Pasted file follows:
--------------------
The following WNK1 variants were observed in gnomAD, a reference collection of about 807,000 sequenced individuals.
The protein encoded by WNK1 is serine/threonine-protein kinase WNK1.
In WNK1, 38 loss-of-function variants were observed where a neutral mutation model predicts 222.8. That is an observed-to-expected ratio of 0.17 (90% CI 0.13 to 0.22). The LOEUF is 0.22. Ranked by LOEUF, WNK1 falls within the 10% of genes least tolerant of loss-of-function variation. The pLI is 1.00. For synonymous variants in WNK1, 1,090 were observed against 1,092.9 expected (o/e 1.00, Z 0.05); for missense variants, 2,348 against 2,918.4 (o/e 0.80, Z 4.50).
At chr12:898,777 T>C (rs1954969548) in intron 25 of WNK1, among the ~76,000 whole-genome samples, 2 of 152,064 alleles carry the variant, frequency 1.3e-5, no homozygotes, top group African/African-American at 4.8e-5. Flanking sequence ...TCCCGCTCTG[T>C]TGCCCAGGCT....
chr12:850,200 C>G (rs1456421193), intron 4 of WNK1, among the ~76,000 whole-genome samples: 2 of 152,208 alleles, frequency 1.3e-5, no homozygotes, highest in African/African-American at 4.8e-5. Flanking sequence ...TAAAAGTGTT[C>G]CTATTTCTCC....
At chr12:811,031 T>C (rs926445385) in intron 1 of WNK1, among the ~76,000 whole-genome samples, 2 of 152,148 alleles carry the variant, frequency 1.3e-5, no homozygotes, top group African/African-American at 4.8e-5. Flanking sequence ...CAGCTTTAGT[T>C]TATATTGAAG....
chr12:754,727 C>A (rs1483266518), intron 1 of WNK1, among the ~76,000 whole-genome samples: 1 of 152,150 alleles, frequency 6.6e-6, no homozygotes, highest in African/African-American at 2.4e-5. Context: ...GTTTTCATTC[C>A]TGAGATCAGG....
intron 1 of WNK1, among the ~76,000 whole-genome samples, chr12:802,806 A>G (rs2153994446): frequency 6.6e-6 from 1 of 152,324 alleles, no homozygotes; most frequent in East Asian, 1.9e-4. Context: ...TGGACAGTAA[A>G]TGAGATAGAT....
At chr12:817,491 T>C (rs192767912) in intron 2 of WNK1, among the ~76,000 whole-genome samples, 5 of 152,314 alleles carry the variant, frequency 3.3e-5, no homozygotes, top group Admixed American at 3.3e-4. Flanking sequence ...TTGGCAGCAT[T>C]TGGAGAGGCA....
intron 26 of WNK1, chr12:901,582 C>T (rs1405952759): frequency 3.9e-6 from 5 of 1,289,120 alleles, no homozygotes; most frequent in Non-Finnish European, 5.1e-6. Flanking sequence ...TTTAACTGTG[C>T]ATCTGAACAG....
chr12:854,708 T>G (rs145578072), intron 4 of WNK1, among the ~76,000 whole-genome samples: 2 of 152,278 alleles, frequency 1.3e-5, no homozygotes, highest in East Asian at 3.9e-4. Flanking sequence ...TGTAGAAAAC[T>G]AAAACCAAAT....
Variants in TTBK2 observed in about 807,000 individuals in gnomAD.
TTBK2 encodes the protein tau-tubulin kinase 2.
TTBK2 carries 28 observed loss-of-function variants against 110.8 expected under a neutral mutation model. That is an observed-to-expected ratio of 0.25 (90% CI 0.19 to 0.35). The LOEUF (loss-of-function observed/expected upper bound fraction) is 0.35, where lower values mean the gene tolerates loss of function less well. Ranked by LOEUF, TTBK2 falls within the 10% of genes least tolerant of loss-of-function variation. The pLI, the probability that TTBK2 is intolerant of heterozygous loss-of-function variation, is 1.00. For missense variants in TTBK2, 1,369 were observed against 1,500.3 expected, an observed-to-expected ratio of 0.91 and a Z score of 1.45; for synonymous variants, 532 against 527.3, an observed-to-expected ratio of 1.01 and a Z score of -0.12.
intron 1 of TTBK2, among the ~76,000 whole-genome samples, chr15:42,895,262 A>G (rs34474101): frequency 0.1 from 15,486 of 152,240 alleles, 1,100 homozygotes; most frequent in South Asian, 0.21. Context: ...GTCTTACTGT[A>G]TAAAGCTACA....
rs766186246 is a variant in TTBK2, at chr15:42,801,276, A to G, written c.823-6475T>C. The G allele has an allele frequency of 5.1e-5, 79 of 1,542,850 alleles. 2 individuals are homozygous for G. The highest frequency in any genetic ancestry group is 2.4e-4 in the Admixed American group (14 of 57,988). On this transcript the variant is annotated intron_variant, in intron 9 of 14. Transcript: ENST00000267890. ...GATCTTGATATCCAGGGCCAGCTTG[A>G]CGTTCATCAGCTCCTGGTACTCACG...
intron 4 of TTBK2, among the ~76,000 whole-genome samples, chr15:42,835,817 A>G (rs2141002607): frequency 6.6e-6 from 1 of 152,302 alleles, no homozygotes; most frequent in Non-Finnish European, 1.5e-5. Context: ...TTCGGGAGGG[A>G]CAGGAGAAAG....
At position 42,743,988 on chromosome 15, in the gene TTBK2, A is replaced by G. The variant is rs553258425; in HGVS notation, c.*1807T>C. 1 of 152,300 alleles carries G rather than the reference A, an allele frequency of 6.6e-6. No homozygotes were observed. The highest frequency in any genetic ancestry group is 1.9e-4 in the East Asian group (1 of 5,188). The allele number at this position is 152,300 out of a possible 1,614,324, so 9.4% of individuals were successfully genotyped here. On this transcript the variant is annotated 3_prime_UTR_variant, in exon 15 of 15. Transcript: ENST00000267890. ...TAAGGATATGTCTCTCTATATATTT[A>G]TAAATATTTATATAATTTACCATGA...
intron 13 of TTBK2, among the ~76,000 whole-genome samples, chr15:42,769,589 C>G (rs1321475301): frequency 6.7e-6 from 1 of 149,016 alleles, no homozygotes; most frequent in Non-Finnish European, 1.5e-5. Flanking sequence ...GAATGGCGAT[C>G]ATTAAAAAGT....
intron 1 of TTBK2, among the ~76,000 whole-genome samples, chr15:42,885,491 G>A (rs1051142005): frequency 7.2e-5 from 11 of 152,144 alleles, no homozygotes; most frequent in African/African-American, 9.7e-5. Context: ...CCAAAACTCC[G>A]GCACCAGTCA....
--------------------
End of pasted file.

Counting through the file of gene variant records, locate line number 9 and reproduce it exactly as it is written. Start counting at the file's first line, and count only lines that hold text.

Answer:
At chr12:817,491 T>C (rs192767912) in intron 2 of WNK1, among the ~76,000 whole-genome samples, 5 of 152,314 alleles carry the variant, frequency 3.3e-5, no homozygotes, top group Admixed American at 3.3e-4. Flanking sequence ...TTGGCAGCAT[T>C]TGGAGAGGCA....